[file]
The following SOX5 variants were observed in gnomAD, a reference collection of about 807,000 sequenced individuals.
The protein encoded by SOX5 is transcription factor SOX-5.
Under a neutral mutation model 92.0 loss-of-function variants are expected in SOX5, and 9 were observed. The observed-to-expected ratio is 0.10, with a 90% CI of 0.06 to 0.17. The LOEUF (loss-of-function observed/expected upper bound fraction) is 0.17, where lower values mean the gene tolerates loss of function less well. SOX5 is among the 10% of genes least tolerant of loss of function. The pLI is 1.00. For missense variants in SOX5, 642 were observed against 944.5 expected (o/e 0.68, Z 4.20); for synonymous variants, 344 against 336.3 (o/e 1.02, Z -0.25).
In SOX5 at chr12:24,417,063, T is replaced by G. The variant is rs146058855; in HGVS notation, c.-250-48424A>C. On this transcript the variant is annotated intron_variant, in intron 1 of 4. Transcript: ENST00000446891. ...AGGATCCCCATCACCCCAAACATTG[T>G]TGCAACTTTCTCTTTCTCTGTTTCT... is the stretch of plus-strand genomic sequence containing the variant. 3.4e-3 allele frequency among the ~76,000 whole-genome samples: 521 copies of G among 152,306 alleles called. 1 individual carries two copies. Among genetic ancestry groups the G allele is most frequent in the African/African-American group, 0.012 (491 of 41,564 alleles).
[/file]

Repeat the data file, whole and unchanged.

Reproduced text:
The following SOX5 variants were observed in gnomAD, a reference collection of about 807,000 sequenced individuals.
The protein encoded by SOX5 is transcription factor SOX-5.
Under a neutral mutation model 92.0 loss-of-function variants are expected in SOX5, and 9 were observed. The observed-to-expected ratio is 0.10, with a 90% CI of 0.06 to 0.17. The LOEUF (loss-of-function observed/expected upper bound fraction) is 0.17, where lower values mean the gene tolerates loss of function less well. SOX5 is among the 10% of genes least tolerant of loss of function. The pLI is 1.00. For missense variants in SOX5, 642 were observed against 944.5 expected (o/e 0.68, Z 4.20); for synonymous variants, 344 against 336.3 (o/e 1.02, Z -0.25).
In SOX5 at chr12:24,417,063, T is replaced by G. The variant is rs146058855; in HGVS notation, c.-250-48424A>C. On this transcript the variant is annotated intron_variant, in intron 1 of 4. Transcript: ENST00000446891. ...AGGATCCCCATCACCCCAAACATTG[T>G]TGCAACTTTCTCTTTCTCTGTTTCT... is the stretch of plus-strand genomic sequence containing the variant. 3.4e-3 allele frequency among the ~76,000 whole-genome samples: 521 copies of G among 152,306 alleles called. 1 individual carries two copies. Among genetic ancestry groups the G allele is most frequent in the African/African-American group, 0.012 (491 of 41,564 alleles).